The “certain doctrine,” which here concerns the “broken loaf,” is stated by Mr Lowe to signify the death of Christ. The phrase “the idea that a certain doctrine can be deduced from it” questions the value of Christ's death. 

Wednesday, Dec 22, 2021 : 02:52
Syd said ...
I agree Mark. Sadly, placing this extract and labeling it error, causes confusion because biblically (or doctrinally), which of the various elements are erroneous?
Wednesday, Dec 22, 2021 : 04:01
Nick Fleet said ...
Just to be clear - on this point I agree with WJL (I thought that was obvious as I described it as 'very helpful'?) But the error he refers to is still promulgated by some of those who profess to follow his lead in the 1890 division. They say that 1 Cor 10:17 says that the unbroken loaf in the Lord's supper is a figure of the one body, the church - it doesn't. It says that "we, being many, are one loaf" but they reverse this order to say "the loaf is us". The statement of Scripture is an abstract truth - that we (the one body) are 'one loaf' (it's a figure but not the same figure referred to in v16). The Gospel accounts and 1 Cor 11:24 make it clear that the bread is a symbol of the physical body of the Lord Jesus and nothing else (as WJL says). But "we all" (all Christians) give expression to the truth that there is one body (Eph 4:4) and that we are part of it by partaking of that one bread (the bread referred to in v16).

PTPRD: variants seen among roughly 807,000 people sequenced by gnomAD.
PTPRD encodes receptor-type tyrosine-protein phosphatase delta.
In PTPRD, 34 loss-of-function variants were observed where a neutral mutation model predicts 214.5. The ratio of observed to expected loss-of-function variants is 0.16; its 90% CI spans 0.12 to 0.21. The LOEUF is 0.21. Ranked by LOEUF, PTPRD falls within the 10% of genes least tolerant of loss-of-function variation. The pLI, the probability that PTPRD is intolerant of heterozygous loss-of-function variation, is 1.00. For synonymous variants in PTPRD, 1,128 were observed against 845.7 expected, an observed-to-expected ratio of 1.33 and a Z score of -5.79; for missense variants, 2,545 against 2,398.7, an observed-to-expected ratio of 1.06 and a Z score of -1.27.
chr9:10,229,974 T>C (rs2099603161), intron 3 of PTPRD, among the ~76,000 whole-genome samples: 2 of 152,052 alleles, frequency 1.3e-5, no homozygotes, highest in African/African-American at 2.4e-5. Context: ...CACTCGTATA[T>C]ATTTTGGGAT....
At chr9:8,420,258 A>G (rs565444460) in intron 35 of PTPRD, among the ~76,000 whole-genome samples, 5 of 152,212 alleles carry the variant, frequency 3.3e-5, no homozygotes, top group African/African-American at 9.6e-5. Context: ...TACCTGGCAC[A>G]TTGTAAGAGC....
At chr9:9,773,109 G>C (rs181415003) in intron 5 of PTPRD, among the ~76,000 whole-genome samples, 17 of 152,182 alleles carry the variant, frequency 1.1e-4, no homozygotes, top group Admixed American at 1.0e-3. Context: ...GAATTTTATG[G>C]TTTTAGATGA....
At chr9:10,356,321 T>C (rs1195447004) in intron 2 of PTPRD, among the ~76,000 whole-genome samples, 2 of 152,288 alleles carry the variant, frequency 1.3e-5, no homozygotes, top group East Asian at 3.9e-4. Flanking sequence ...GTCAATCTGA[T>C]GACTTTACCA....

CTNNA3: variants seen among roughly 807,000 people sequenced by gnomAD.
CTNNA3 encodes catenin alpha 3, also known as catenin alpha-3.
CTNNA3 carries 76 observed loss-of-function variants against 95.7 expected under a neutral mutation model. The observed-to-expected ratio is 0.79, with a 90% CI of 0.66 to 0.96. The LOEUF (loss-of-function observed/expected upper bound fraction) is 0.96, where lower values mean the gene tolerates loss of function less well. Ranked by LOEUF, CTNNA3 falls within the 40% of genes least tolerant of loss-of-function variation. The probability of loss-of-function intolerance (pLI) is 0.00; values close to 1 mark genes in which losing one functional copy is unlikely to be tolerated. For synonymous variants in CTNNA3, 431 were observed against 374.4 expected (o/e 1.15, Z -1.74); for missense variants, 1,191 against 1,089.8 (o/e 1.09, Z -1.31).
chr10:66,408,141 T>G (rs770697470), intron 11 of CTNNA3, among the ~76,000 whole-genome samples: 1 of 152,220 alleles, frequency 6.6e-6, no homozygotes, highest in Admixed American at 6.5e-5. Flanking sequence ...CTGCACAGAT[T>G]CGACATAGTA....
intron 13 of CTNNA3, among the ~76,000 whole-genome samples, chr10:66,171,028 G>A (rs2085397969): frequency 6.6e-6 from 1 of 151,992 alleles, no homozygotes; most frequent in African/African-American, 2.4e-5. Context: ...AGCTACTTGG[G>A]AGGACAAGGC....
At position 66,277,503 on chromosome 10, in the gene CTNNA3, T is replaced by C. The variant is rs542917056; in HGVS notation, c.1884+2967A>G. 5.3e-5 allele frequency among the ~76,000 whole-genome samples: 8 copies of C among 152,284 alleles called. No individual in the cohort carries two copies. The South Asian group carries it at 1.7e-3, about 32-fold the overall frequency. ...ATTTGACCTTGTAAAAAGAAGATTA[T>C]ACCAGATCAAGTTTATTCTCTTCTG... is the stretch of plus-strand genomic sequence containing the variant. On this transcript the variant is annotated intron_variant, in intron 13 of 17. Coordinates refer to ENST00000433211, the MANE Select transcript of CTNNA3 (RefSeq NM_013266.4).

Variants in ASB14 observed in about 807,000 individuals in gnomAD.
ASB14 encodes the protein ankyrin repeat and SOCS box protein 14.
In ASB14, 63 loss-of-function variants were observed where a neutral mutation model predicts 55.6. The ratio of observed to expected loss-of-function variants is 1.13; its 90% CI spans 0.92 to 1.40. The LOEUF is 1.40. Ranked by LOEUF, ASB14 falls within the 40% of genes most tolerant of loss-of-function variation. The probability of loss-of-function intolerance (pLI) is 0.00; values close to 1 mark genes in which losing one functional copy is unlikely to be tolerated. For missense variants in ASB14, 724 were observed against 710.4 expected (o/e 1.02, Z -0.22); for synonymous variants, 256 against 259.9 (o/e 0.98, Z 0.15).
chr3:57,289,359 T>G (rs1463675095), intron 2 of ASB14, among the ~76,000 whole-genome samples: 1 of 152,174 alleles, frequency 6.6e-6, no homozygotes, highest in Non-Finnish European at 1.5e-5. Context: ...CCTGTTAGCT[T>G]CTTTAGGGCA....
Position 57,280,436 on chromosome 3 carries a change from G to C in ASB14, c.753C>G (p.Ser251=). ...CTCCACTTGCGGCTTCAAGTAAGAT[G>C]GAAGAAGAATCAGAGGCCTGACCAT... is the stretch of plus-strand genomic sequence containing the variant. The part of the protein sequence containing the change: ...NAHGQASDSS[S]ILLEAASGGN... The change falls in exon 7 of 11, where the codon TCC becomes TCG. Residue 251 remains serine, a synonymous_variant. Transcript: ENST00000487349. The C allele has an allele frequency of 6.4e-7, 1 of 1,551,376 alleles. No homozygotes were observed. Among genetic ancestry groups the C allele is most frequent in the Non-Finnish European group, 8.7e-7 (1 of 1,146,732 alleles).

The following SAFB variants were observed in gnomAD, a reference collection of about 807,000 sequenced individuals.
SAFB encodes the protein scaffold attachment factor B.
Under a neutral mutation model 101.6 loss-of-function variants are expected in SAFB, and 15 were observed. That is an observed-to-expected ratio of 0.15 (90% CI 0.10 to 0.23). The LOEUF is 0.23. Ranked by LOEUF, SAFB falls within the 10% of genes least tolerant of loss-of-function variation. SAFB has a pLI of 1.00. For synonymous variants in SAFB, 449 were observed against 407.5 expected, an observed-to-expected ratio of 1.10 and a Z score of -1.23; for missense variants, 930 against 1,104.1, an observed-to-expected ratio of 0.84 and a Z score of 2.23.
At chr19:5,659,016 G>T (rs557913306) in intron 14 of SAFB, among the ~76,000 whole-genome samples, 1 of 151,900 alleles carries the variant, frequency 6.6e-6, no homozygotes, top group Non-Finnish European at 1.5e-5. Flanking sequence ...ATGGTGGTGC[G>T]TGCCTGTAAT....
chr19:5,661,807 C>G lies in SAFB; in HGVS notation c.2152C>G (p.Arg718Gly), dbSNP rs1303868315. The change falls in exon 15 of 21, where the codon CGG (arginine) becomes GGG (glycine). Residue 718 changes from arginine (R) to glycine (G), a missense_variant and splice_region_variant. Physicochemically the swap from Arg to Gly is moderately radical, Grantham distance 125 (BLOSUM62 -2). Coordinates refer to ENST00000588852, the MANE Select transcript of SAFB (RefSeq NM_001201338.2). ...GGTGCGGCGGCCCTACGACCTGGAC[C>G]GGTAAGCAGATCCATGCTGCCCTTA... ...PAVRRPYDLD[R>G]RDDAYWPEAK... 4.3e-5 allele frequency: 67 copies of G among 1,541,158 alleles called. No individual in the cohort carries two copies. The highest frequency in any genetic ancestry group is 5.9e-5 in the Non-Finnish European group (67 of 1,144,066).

Wednesday, Dec 22, 2021 : 19:22
Mark said ...
I sense some confusion in one of the comments above regarding who it is that "still hold and teach this error today."

The extract taken from the writings of Mr W J Lowe is not erroneous, but perfectly correct. He was right to condemn “the idea that the unbroken loaf is an emblem of the church.”

Nothing is said in Scripture about any significance which might attach to the loaf in its unbroken state. It was when the Lord Jesus, after He had broken it, then said ‘This is My body which is given for you’ (Lk. 22:19; 1 Cor. 11:23-24).

My earlier comment contained a couple of extracts from those nowadays opposed to what Mr Lowe wrote in the article. They are among the ones now teaching the error Mr Lowe was describing.

It is not Mr Lowe who is in error, but rather, those refusing his teaching.
Wednesday, Dec 22, 2021 : 23:09